Preparations for our 2017 summer road trip are in full swing, we have flights booked into Calgary and out of Vancouver, we have accommodation booked at 10 points along our journey (scarily some places only had a few rooms left and that’s 8 months away), the car’s booked and we are getting excited.
So back to recalling some of our previous trips
Today’s post is about our trip to Colorado and beyond.
I had made friends with an American family who arrived here in the UK to live in our small court; three kids under 5, furniture six weeks behind them, no car etc. They gave it a year in their tiny 3 bedroom rented house before the English house buying legislation finally brought them to their knees and they decided to return home, Ed went home to “hug ma fridge” (his American style fridge/Freezer before they were fashionable in the UK) leaving us with an open invite to go and stay.
We booked tickets to arrive in Denver in March 2003. We took our oldest child—who was 6 years old—out of school (back when you were allowed to do that sort of thing, us believing the experience would outweigh the loss of 2 weeks of primary education) and travelled with our youngest still in nappies(diapers), I put off potty training until after the trip. However, have you ever tried changing a two year old in the toilet of an aeroplane on one of the baby changing flaps?
We arrived at Denver around 9pm local time along with 3 other flights we walked the walk, mile high Denver? They made us walk at least a mile to immigration. Hubby, who doesn’t like using aeroplane toilets, announced he had a pressing engagement leaving me with two tired kids and armloads of carry-on baggage. I didn’t dare join the immigration queue as hubby had all the passports, so we sat on the floor and waited while my man did whatever men do that makes them spend enormous amounts of time on the toilet. Sniffer dogs came and went several times before hubby arrived to help us join the back of the immigration queue. We took so long, the baggage hall was empty except our lonely bags, which had been taken off the carousel and the hall lights dimmed. Next came the queue for a hire car. With snow forecast, hubby upgraded to a 4×4 and he was king of the road, close to 11pm local time as we headed out of Denver.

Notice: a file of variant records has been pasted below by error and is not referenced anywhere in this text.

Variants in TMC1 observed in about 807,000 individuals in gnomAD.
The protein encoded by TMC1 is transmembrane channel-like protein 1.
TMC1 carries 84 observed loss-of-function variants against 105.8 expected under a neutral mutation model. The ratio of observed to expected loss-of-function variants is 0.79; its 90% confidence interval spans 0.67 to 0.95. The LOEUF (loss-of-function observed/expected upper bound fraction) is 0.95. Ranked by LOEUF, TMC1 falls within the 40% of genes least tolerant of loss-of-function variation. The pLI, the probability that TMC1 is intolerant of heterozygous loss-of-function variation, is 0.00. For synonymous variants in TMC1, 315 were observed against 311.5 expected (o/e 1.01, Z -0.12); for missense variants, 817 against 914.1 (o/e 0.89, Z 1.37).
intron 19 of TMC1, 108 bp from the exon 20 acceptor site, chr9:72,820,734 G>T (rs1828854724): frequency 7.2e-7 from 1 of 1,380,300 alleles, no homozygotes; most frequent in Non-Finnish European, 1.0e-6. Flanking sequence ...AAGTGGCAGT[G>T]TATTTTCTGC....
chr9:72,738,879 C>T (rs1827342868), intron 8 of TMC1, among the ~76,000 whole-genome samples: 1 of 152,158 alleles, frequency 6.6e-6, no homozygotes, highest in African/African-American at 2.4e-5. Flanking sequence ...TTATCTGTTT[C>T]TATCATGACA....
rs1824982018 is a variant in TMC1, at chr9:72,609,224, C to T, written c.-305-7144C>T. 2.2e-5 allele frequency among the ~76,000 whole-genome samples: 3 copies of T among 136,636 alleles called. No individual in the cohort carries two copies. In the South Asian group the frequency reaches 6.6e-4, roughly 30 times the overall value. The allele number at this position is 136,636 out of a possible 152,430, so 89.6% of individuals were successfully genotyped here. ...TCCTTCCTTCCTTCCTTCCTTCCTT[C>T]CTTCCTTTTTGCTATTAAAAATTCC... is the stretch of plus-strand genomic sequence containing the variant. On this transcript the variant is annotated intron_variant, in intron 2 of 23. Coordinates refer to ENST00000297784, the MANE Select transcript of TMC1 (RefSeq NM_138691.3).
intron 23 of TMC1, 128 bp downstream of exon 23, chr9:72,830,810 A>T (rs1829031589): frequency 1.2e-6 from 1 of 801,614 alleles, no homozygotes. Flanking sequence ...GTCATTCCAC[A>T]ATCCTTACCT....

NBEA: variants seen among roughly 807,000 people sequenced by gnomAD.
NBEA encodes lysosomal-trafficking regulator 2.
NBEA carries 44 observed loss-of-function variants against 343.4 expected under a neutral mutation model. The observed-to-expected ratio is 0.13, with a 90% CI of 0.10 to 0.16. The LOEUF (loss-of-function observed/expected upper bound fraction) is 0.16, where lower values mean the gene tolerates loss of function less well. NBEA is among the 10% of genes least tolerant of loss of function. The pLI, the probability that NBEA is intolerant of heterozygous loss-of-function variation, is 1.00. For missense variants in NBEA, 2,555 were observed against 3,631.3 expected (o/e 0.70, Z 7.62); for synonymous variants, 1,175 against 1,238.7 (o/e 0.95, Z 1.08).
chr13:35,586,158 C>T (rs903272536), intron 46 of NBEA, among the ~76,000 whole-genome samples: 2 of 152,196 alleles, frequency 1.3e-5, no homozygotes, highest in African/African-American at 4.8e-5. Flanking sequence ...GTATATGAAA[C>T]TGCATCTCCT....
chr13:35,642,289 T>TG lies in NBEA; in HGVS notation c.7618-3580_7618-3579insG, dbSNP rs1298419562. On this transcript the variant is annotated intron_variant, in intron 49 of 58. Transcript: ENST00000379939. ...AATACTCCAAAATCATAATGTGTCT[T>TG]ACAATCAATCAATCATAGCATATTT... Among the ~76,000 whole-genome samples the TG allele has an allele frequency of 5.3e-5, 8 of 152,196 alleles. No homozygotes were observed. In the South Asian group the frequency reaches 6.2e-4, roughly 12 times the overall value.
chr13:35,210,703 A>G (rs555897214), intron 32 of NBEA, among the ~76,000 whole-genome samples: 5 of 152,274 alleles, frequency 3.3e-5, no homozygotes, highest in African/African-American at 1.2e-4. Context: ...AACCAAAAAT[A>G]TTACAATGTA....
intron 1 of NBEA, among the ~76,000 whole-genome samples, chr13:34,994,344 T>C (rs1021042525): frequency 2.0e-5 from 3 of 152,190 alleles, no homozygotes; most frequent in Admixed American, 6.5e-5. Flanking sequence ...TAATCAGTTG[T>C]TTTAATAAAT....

Clutching hand written instructions, confident in our local friend’s knowledge we headed off—in the wrong direction. A couple of hours later, after a very long uphill climb and well past midnight we arrived in Nederland in the American Rockies (on a map it’s left of Boulder which itself is described as the foothills of the Rockies). Up at 4am (kids still on Uk time and they’d slept in the car and on the plane – lucky things!) Nederland was lovely in the spring sun. A little local exploring took us to Estes Park, a gateway to the Rocky Mountain National Park the mountain scenery was amazing.
And then it snowed and snowed and snowed. In fact it snowed for 45 hours and dropped 5.5 feet of snow. A bit of a whiteout. The menfolk took about 24 hours to dig the cars out while we waited for the snow plough to make it down the road.
There was no power for 36 hours and the whole area was cut off, the local supermarket held a free barbecue because its freezers were defrosting, we put 5 kids in the sledge, snow shoes and skis on our feet and set off to town. In return for the communities kindness we later helped out with our 4 x 4 taking urgent supplies to friends of our friends who were cut off further out of town. However Hubby and Ed first had to get the local sheriff to “jimmy” the car door after the menfolk locked the keys in it when picking up the supplies. We heard on the news that the snow was widespread, Denver airport was shutdown and we were very glad that we’d made it to our friend’s house where they had toys and entertainment, we couldn’t imagine being stuck in a motel room for a couple of days with no power and no way to keep the kids happy.
Needing a bit of sun, we headed off south down I-25 through Colorado Springs and Pueblo and on to the Royal Gorge Bridge one of the highest suspension bridges in the world. Near Alamosa we visited the Great Sand Dunes National Park, then Durango and crossed the border in to Utah. The sun shone down as we climbed Wilson Arch, (just one of the many natural rock arches near Moab in the Natural Arches National Park) springing up it with our altitude trained lungs, nine years after hubby and I first went there when travelling as a couple.
Then we headed north to Wyoming. We visited the Green River National dinosaur museum and wound our way over mountains and passed deer feeding near the roadside and counted train carriages on vast continent crossing goods trains to Laramie. A place for me which resonated Saturday afternoon westerns on TV, they had snow in Laramie but we were veterans of the snow storm now and their few inches were nothing.
Coming full circle (around 1600 miles) we came back to Nederland to spend one last night with our friends before heading back to Denver, just time to spend a few hours at Denver Butterfly Pavilion then to the airport and home.